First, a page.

Myth: You must plant nettles in wildlife gardens.
 
Here’s another much repeated myth, and one with the capacity to put people off wildlife gardening if they believe they must grow a plant they heartily dislike.  Four of our most attractive garden butterflies - the closely related small tortoiseshell, red admiral, peacock and comma - feed on nettles as caterpillars. But does this mean that by encouraging nettles you will help these butterflies?
 
 
 
 
Not according to the Sheffield BUGS study. For three years the scientists placed healthily growing tubs of nettles in 20 gardens, singly or in groups of four. Through the 60 tub-years of study, only two comma caterpillars were found on one single tub1 .  Perhaps this isn’t too surprising.  Firstly, nettles are appallingly abundant on neglected ground everywhere, so there no shortage of places for female butterflies to lay.  Secondly these four species prefer to lay near the middle of large (4m2) nettle patches in full sun, without overhanging branches from which caterpillar-eating birds can watch2.  Few gardeners are likely to want big patches of nettles filling their sunniest borders.
 
Nettles do support plenty of other insects as well as butterflies, and the BUGS paper above listed two “micro” moths, two flies and two true bugs that used their tubs. Nettles (like other “weeds”) are beneficial for wildlife, but given that they inevitably appear in all gardens, you really don’t need to plant them, and need feel little embarrassment if you remove patches from where you don’t want them.  As Ken Thompson wrote3 :
 
    ”In the biggest relief since Mafeking, wildlife gardeners need feel under no obligation to grow nettles.
 
 
References
 
1.  Gaston, K.J., Smith, R.M., Thompson, K. & Warren, P.H. 2005. Urban domestic gardens (II): experimental tests of methods for increasing biodiversity. Biodiversity and Conservation 14: 395-413.  Available here
 
2.  Miller-Klein, J. 2010. Gardening for Butterflies,Bees and other beneficial insects. Saith Ffynnon Books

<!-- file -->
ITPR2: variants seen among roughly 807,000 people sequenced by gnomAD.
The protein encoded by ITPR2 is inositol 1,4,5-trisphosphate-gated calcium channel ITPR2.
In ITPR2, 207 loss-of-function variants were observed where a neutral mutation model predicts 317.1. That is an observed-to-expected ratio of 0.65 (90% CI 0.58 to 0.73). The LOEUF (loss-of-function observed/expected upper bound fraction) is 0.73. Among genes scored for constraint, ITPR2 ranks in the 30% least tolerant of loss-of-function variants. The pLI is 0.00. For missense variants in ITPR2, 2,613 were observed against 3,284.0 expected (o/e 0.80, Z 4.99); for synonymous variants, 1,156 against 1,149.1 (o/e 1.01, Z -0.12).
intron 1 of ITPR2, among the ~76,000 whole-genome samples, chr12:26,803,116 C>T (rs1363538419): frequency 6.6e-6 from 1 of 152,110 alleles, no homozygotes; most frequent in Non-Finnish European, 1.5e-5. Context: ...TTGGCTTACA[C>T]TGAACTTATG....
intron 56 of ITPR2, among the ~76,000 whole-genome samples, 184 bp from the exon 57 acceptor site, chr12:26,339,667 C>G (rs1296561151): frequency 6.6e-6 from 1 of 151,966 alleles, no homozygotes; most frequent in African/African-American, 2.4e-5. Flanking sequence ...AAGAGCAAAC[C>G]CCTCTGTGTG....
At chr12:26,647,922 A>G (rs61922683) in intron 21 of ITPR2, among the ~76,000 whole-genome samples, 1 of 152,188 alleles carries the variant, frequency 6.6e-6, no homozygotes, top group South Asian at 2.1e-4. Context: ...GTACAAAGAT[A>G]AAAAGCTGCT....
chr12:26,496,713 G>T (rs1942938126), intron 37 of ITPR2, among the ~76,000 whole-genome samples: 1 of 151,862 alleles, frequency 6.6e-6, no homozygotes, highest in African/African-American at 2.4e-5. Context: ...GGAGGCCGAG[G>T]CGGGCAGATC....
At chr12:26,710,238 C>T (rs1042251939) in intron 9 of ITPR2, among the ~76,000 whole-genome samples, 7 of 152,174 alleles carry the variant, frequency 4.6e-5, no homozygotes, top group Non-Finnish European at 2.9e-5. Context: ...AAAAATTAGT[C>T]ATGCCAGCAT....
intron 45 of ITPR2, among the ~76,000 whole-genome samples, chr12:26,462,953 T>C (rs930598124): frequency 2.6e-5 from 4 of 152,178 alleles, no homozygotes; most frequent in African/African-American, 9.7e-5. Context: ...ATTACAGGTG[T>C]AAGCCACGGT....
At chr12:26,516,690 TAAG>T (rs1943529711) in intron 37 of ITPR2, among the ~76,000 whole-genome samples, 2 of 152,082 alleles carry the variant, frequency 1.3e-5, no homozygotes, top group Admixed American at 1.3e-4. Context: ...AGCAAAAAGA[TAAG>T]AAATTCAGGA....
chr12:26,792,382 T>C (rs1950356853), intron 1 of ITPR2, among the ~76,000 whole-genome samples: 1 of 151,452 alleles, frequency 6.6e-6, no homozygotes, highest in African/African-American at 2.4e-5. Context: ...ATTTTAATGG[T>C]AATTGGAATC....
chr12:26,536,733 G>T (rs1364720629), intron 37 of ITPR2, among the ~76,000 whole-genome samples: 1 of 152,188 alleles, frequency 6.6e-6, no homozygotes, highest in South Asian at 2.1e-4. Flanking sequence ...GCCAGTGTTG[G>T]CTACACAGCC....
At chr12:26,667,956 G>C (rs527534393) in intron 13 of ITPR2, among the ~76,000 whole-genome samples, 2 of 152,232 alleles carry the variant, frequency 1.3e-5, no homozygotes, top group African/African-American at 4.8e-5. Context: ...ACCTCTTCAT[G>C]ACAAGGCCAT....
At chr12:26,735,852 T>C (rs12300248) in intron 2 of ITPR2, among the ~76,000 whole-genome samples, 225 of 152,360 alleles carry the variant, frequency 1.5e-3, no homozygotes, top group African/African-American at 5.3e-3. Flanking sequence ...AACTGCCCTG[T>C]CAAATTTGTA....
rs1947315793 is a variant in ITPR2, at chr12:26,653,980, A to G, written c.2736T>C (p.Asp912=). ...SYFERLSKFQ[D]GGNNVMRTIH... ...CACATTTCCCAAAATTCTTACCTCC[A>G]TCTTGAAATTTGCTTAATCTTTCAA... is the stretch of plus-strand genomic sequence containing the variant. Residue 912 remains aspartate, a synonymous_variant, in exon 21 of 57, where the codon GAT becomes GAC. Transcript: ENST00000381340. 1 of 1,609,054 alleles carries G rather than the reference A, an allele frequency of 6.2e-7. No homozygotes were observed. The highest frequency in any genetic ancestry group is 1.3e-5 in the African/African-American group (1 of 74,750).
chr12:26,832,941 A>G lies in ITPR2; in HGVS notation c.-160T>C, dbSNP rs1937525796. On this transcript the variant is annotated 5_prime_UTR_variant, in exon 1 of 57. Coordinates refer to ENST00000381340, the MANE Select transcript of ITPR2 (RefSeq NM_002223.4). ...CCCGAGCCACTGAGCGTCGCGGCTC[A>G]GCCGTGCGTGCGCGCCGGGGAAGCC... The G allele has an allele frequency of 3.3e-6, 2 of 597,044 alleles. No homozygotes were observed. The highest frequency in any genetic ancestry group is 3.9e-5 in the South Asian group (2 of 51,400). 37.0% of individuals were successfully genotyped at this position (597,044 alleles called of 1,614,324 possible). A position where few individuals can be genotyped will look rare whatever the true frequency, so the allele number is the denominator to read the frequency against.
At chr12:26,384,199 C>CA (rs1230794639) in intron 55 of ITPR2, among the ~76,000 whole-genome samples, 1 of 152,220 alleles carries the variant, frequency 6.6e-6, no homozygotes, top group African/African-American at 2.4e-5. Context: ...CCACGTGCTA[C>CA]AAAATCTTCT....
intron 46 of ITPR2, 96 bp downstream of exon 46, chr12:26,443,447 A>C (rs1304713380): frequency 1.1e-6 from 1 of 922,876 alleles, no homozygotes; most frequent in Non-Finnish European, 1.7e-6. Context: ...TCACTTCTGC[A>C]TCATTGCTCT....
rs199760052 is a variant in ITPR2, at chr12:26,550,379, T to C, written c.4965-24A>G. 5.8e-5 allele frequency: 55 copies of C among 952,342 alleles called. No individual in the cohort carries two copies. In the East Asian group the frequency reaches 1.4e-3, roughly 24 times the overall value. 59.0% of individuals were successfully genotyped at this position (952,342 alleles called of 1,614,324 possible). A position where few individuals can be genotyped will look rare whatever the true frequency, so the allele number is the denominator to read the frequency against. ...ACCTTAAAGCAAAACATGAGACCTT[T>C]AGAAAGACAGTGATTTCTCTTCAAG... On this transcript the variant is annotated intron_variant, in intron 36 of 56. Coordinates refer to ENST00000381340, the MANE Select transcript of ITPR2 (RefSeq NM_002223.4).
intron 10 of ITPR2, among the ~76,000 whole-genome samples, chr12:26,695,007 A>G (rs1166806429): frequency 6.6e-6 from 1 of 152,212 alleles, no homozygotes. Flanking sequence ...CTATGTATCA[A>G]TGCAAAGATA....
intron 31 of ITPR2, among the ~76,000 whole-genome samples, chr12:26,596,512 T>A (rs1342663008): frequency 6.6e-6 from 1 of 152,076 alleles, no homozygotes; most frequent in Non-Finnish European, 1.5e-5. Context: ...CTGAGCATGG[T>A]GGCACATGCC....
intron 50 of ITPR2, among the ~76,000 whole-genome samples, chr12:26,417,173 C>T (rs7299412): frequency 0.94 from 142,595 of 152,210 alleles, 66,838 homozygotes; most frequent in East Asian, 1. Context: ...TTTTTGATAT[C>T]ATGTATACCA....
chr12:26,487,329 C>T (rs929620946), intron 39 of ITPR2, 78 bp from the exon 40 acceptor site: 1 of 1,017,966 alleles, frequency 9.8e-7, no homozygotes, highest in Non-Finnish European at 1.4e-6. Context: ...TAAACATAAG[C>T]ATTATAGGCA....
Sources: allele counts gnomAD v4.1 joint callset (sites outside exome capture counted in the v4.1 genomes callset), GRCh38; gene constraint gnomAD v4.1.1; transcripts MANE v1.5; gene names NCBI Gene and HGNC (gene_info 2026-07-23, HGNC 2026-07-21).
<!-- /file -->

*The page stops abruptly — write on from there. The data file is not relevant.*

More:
3.  Thompson, K. (2006) No Nettles Required, the Reassuring Truth about Wildlife Gardening. Eden Books
 
 
Page written by Steve Head: reviewed by Ken Thompson
 
Lovely patches of nettles Urtica dioica to bring joy to the hearts of all gardeners.
 
You may appreciate them more if you read some recipes for how to cook them as soup and risotto.
Myth: You must plant nettles in wildlife gardens.
 
Here’s another much repeated myth, and one with the capacity to put people off wildlife gardening if they believe they must grow a plant they heartily dislike.  Four of our most attractive garden butterflies - the closely related small tortoiseshell, red admiral, peacock and comma - feed on nettles as caterpillars. But does this mean that by encouraging nettles you will help these butterflies?
 
 
 
 
 
Lovely patches of nettles Urtica dioica to bring joy to the hearts of all gardeners. You may appreciate them more if you read some recipes for how to cook them as soup and risotto.
 
Not according to the Sheffield BUGS study. For three years the scientists placed healthily growing tubs of nettles in 20 gardens, singly or in groups of four. Through the 60 tub-years of study, only two comma caterpillars were found on one single tub1 .  Perhaps this isn’t too surprising.  Firstly, nettles are appallingly abundant on neglected ground everywhere, so there no shortage of places for female butterflies to lay.  Secondly these four species prefer to lay near the middle of large (4m2) nettle patches in full sun, without overhanging branches from which caterpillar-eating birds can watch2.  Few gardeners are likely to want big patches of nettles filling their sunniest borders.
 
Nettles do support plenty of other insects as well as butterflies, and the BUGS paper above listed two “micro” moths, two flies and two true bugs that used their tubs. Nettles (like other “weeds”) are beneficial for wildlife, but given that they inevitably appear in all gardens, you really don’t need to plant them, and need feel little embarrassment if you remove patches from where you don’t want them.  As Ken Thompson wrote3 :
 
    ”In the biggest relief since Mafeking, wildlife gardeners need feel under no
     obligation to grow nettles." 
 
 
References
 
1.  Gaston, K.J., Smith, R.M., Thompson, K. & Warren, P.H. 2005. Urban domestic gardens (II): experimental tests of methods for increasing biodiversity. Biodiversity and Conservation 14: 395-413.  Available here
 
2.  Miller-Klein, J. 2010. Gardening for Butterflies,Bees and other beneficial insects. Saith Ffynnon Books
 
3.  Thompson, K. (2006) No Nettles Required, the Reassuring Truth about Wildlife Gardening. Eden Books
 
 
Page written by Steve Head: reviewed by Ken Thompson